Favorite “Getting Triggy With It” Activity: Kristen led an excellent session on how to make trig and the unit circle not a mystery. Grab all her resources here! My favorite activity was using one triangle drawn on patty paper to construct the unit circle. Simple approach but nicely shows how all the key points are determined.

See Rachel’s tweet for pictures of activity in action:

Favorite Verb: Edmund Harris and Chris Shore reminded us that modeling is a verb. It’s something kids should be doing, not something given to them. Modeling is a: Creative. Active. Process.

Favorite Physical Activity: Sara graciously brought her Backwards Bike to camp, and let me ride it as much as I wanted. If you’re not familiar with backwards bikes, watch this video. Even though I came home with several bike battle wounds, I had an absolute blast trying to ride this thing. Even after just a few times, I felt like I was making progress and coming up with new strategies to try out. Now I’m off to find someone to make one for me.

Favorite Project: Sam shared a project he does with students called “Explore Math” so they can explore math outside of school and see its beauty. He wrote about the project on his blog and shared the website he asked students to explore. It’s a “low stakes, high reward” activity. Some kids will do the bare minimum, but others will take it to levels that Sam wasn’t even expecting. His recommendation is to keep it open, keep the mini explorations mini, and don’t compare projects.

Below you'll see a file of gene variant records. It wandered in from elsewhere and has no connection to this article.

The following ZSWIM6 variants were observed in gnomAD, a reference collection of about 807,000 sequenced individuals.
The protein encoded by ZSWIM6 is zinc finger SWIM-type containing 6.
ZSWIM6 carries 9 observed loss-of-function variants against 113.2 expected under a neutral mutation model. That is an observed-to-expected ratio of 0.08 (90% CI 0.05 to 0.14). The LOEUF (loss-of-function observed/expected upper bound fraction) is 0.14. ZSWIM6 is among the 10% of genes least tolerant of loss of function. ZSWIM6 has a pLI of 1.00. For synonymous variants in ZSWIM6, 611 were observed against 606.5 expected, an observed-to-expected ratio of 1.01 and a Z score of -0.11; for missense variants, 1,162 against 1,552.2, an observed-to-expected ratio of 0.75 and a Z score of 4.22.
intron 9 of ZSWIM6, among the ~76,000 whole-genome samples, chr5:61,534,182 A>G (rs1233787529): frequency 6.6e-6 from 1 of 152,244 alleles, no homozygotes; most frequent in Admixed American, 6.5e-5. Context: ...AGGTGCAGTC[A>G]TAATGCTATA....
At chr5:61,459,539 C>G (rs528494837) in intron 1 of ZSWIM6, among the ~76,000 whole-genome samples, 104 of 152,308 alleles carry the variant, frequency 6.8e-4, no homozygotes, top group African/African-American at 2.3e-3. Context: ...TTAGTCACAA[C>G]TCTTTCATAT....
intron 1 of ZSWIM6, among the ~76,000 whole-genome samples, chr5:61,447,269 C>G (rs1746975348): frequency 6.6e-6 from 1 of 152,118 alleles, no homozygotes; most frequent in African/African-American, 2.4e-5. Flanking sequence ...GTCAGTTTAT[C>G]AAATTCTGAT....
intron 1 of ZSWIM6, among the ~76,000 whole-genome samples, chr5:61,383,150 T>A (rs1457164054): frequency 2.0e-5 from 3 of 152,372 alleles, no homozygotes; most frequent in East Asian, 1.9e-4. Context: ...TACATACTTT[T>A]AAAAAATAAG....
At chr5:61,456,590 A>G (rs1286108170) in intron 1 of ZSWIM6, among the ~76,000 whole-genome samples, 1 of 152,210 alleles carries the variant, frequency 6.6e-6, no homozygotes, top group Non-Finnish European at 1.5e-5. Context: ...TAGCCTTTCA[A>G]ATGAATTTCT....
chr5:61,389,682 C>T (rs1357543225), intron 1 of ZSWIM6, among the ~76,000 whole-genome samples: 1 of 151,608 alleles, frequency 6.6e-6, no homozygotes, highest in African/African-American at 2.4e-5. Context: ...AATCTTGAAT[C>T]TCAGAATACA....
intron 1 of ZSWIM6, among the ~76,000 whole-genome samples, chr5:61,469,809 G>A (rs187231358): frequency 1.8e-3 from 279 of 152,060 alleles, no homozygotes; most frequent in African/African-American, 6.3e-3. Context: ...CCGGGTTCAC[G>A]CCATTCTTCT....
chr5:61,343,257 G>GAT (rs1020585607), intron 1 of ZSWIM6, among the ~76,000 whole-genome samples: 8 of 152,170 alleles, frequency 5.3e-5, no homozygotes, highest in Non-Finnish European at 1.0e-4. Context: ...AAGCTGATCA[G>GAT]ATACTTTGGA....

Favorite Pre-Assessment: Don’t have one yet, need to make them! Michelle led us through an eye-opening morning session about identifying the gaps in students’ understanding and then usingtrifold responsive stations to address those gaps using differentiation. I’m excited to follow Michelle’s instructions to create appropriate pre-assessments. There should only be one skill per question and as short as possible. Focus on what pre-skills students need to know in order to be successful with new content, don’t worry about the would-be-nice-to-know. The goal of the pre-assessment is so you can figure out where students are at, and provide them with learning opportunities if they don’t know, and learning opportunities if they do know (enrichment). Elissa wrote a great recap of the entire three days.

Favorite Call to Action: Tracy Zager‘s keynote speech titled “What do we have to learn from each other?” was inspiring and community-driven. She stressed that we need to stop pitting content and pedagogy against each other; we need to stop pitting elementary and high school teachers against each other. Neither of these things is productive for our community. We all have an important role in building our students’ conceptual understanding, and we need to work together to get it done. Tracy’s call to action is to analyze whom you are following on Twitter, and make sure you have a variety of contacts you can reach out to for support and to ask questions. Watch Tracy’s keynote here.

Favorite Fraction Problems: After Tracy’s talk, I pushed myself to attend Brian Bushart‘s session on fractions: a place I knew I would feel out of my comfort zone as a high school teacher. One of the reasons Brian said fractions are so hard for students, is due to practices that simplify or mask the meaning of fractions.